Seminar in Bayesian Statistical Methodology

Welcome to AMS280D for Winter 2014!!

 

 

Some useful information:

  • The coordinator of the seminar is Tatiana Xifara (e-mail: xifara@ams.ucsc.edu)
  • Meetings will be held every Friday at 1:30-3:00pm at BE358.
  • The topic for this quarter is "Advanced MCMC methods".

 


Meeting 1 (1/17/2014): At the first meeting, Brenda presented the paper of Robert and Gasella (2010) (a shorter version appears in the handbook of MCMC (2011)) on the history of MCMC, which served as a great introduction to the topic and a very useful list of references. Brenda's slides can be found here.

Comments: The paper mentions that Hastings (1970) warns against high rejection rates as indicative of a poor choice of transition matrix, but does not mention the opposite pitfall of low rejection rates, associated with a slow exploration of the target. This brings up the problem of the choice of the proposal distribution manually, through trail and error, which can be very time consuming epecially in high dimensions. An alternative approach is adaptive MCMC, which automatically "learns" better parameters values while the algorithm runs. 

 

Meeting 2 (1/24/2014): At this seminar, Analissa gave a great presentation on the adaptive Metropolis algorithm given in Haario (2001) and simulation examples from the algorithm. Her slides can be found here. She also coded the adaptive Metropolis algorithm for a multivariate normal, a higher dimensional multivariate normal and a bivariate banana shape.

Comments: Remember that adaptive algorithm uses the initial covariance matix C0 for the first, say, n0 iterations. But if this C0 is a bad choice and almost all proposals will be rejected, you would not have a sensible Cn for the adaptive part after the n>n0 iteration. So you need to ensure to use C0 for the first n0 accepted proposals and not iterations.

 

Meeting 3 (1/31/2014): At this seminar we saw the first part of more sophisticated examples of adaptive MCMC algorithms. Chelsea presented the "Examples of Adaptive MCMC" by Roberts and Rosenthal. Chelsea's slides can be found here. See also for the related software to the paper taken from Jeff Rosenthal's website.

Comments: The discussion on the adaptive MCMC will be completed with one more paper, as these two papers are to some extent complementary and also give different perspectives. 

 

Meeting 4 (2/7/2014): Maria presented a tutorial on Adaptive MCMC by Andrieu and Thoms (2008). With this presentation we completed our series on Adaptive MCMC algorithms. Maria's slides can me found here.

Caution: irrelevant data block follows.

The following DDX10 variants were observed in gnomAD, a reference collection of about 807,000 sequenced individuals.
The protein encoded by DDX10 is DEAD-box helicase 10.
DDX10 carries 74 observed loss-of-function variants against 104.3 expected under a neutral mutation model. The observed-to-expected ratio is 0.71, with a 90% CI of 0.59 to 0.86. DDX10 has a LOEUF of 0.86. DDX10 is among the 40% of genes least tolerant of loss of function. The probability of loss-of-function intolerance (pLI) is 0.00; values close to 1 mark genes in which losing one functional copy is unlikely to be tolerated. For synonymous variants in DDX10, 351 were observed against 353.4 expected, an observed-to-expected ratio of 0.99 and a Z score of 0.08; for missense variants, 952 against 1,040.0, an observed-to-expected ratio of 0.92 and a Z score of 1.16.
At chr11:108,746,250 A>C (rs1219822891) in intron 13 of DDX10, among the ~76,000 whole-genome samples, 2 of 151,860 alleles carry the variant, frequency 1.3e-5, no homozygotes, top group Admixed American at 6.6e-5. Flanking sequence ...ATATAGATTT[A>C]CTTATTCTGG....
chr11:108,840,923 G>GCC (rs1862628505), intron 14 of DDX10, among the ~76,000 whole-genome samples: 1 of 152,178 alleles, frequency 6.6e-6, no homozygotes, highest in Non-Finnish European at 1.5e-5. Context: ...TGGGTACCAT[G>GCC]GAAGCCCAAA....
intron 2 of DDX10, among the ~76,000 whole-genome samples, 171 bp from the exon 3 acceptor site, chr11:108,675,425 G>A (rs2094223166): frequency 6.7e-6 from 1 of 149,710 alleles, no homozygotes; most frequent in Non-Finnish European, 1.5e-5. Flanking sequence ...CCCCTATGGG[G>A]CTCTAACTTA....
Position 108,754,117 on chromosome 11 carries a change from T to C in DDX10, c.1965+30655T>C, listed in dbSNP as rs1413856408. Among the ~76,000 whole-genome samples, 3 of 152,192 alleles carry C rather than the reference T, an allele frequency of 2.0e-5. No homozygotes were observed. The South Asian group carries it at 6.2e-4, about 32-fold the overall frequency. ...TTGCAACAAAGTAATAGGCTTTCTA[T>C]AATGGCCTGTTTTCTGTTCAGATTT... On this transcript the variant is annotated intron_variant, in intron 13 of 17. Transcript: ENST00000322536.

Comments: We will continue our discussion with the Reversible Jump MCMC algorithm proposed by Green in 1995. We will start with a tutorial rather than the paper that introduced RJMCMC.  

 

Meeting 5 (2/14/2014): Celeste presented a paper by Waagepetersen and Sorensen (2001), in which they give a tutorial on Reversible Jump MCMC with an application for QTL-mapping. Celeste's slides can be found here.

Comments: At the next meeting we will see simulation examples from Green (1995) and Richardson and Green (1997)

 

Meeting 6 (2/21/2014): This meeting focused on the implementation of Reversible Jump MCMC. Nick presented Richardson and Green (1997) along with examples and Sai presented an application from Green (1995). Here are Nick's slides and r code and also Sai's slides and r code

Comments: With these two presentations we completed the discussion on RJMCMC and we will now continue with a single series on SMC since the students are already familiar with these algorithms. 

 

Meeting 7 (2/28/2014): Pedro will present a turorial on SMC by Doucet and Johansen that is published in the Handbook of Nonlinear Filtering in 2009. His slides can be found here and his code here.

Comments: At the next meeting we will talk about HMC (Hamiltonian Monte Carlo). In short, HMC introduces auxiliary momentum variables with independent Gaussian proposals. Momentum variables receive alernate updates, from simple updates to Metropolis updates. Metropolis updates result in the proposal of a new state by computing a trajectory according to Hamiltonian dynamics, from physics. Hamiltonian dynamics is discretized with the leapfrog method. In the way, distant jumps can be proposes and random-walk behavior is avoided.  

 

Meeting 8 (3/7/2014): Robert will present a paper on HMC by Neal (2011) that is included in the Handbook of Markov Chain Monte Carlo. 

  

 

Instructors and Assistants